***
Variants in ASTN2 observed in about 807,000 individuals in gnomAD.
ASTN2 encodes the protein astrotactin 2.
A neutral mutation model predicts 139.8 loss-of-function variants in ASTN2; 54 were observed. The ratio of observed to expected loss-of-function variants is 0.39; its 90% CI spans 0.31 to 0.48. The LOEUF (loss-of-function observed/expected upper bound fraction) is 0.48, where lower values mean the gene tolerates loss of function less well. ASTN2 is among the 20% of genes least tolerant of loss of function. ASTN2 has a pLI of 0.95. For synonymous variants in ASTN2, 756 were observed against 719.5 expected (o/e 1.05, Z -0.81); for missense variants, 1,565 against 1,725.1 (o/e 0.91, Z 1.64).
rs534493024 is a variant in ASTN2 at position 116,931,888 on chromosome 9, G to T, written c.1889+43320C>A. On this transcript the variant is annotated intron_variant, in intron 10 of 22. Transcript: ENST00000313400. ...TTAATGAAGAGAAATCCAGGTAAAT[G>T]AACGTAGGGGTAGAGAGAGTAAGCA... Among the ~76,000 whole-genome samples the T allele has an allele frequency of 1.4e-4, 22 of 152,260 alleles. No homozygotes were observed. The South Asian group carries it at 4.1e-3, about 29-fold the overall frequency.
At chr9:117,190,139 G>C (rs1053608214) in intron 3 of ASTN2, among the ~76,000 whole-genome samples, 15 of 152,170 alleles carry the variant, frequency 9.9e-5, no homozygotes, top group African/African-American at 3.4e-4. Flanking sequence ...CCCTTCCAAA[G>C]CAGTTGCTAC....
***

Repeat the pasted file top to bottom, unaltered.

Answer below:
Variants in ASTN2 observed in about 807,000 individuals in gnomAD.
ASTN2 encodes the protein astrotactin 2.
A neutral mutation model predicts 139.8 loss-of-function variants in ASTN2; 54 were observed. The ratio of observed to expected loss-of-function variants is 0.39; its 90% CI spans 0.31 to 0.48. The LOEUF (loss-of-function observed/expected upper bound fraction) is 0.48, where lower values mean the gene tolerates loss of function less well. ASTN2 is among the 20% of genes least tolerant of loss of function. ASTN2 has a pLI of 0.95. For synonymous variants in ASTN2, 756 were observed against 719.5 expected (o/e 1.05, Z -0.81); for missense variants, 1,565 against 1,725.1 (o/e 0.91, Z 1.64).
rs534493024 is a variant in ASTN2 at position 116,931,888 on chromosome 9, G to T, written c.1889+43320C>A. On this transcript the variant is annotated intron_variant, in intron 10 of 22. Transcript: ENST00000313400. ...TTAATGAAGAGAAATCCAGGTAAAT[G>T]AACGTAGGGGTAGAGAGAGTAAGCA... Among the ~76,000 whole-genome samples the T allele has an allele frequency of 1.4e-4, 22 of 152,260 alleles. No homozygotes were observed. The South Asian group carries it at 4.1e-3, about 29-fold the overall frequency.
At chr9:117,190,139 G>C (rs1053608214) in intron 3 of ASTN2, among the ~76,000 whole-genome samples, 15 of 152,170 alleles carry the variant, frequency 9.9e-5, no homozygotes, top group African/African-American at 3.4e-4. Flanking sequence ...CCCTTCCAAA[G>C]CAGTTGCTAC....